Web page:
Building the nest: taveta golden weavers
If there’s any species in the animal kingdom that knows about high-stakes home building, it’s taveta golden weavers.
Taveta golden weavers are small, bright yellow birds found in eastern Africa (Kenya and Tanzania) that live in colonies and are well known for building very elaborate nests. The males, who are a brighter yellow with dark orange on their head and chest, will use their strong claws and beak to weave hanging nests from long grasses. The nests are created by a male wrapping grasses around branches and weaving everything together for a very secure oval nest. These birds are very acrobatic and will even hang upside down as they weave everything together!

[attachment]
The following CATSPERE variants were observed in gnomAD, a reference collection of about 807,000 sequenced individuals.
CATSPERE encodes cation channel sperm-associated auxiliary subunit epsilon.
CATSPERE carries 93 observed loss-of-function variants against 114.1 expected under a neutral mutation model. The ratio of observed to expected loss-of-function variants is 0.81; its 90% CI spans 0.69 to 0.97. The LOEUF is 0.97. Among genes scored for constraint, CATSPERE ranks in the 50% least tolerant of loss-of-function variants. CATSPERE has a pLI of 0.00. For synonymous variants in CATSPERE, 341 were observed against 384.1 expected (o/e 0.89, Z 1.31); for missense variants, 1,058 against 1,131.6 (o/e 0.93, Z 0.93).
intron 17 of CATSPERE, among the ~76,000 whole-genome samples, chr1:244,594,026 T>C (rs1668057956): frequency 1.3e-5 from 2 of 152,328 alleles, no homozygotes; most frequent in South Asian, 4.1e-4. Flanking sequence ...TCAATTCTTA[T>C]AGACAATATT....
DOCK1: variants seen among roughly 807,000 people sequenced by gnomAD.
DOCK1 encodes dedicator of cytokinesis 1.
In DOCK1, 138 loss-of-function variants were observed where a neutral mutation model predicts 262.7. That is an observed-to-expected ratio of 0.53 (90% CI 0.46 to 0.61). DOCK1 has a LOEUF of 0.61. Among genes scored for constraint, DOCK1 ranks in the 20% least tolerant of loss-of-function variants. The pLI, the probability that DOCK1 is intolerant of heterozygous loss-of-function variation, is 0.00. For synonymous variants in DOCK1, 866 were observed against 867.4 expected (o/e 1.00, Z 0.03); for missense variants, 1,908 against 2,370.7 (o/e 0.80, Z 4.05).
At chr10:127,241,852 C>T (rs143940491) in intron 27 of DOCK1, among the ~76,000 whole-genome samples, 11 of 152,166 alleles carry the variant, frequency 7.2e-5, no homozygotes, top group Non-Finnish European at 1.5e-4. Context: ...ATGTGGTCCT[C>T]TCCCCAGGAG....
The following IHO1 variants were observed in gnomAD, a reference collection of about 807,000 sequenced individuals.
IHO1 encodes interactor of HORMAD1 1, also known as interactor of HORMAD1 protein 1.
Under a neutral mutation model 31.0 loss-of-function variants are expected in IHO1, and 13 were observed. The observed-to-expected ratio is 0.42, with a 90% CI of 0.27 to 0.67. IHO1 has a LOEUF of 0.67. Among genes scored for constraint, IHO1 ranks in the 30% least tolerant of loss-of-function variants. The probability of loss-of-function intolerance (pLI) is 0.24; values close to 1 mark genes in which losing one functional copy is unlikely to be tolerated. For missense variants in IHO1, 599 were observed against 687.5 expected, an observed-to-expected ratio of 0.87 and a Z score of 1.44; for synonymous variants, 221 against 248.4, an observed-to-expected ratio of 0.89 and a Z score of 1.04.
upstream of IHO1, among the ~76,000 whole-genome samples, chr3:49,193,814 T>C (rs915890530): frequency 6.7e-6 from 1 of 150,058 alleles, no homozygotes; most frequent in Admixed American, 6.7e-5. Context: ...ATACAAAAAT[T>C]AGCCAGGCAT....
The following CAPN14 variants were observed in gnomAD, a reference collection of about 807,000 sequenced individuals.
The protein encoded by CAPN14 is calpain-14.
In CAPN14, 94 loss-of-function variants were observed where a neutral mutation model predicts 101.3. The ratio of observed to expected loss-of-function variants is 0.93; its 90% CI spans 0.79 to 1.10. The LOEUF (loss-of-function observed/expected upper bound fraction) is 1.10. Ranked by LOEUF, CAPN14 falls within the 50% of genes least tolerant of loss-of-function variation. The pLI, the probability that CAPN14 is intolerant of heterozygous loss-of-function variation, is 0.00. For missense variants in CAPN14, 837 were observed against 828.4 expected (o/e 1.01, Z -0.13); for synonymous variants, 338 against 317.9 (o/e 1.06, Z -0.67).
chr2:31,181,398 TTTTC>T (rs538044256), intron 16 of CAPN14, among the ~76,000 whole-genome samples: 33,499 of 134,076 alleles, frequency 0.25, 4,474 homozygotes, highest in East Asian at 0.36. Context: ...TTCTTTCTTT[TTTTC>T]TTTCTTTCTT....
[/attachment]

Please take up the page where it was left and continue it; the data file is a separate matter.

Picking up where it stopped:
Taveta weavers can build their intricate nests in just a few days. Once their nests are complete, females in the colony will assess them and will mate with the most skilled male that built the best one. The males are also known to mate with multiple females. After choosing a suitable nest and mate, the female will line the inside with softer materials, like grass or feathers, before laying 2-3 eggs. The female will incubate these eggs for around 13 days, and will feed the chicks mostly insects. At 14-16 days old, the chicks will be ready to leave the nest!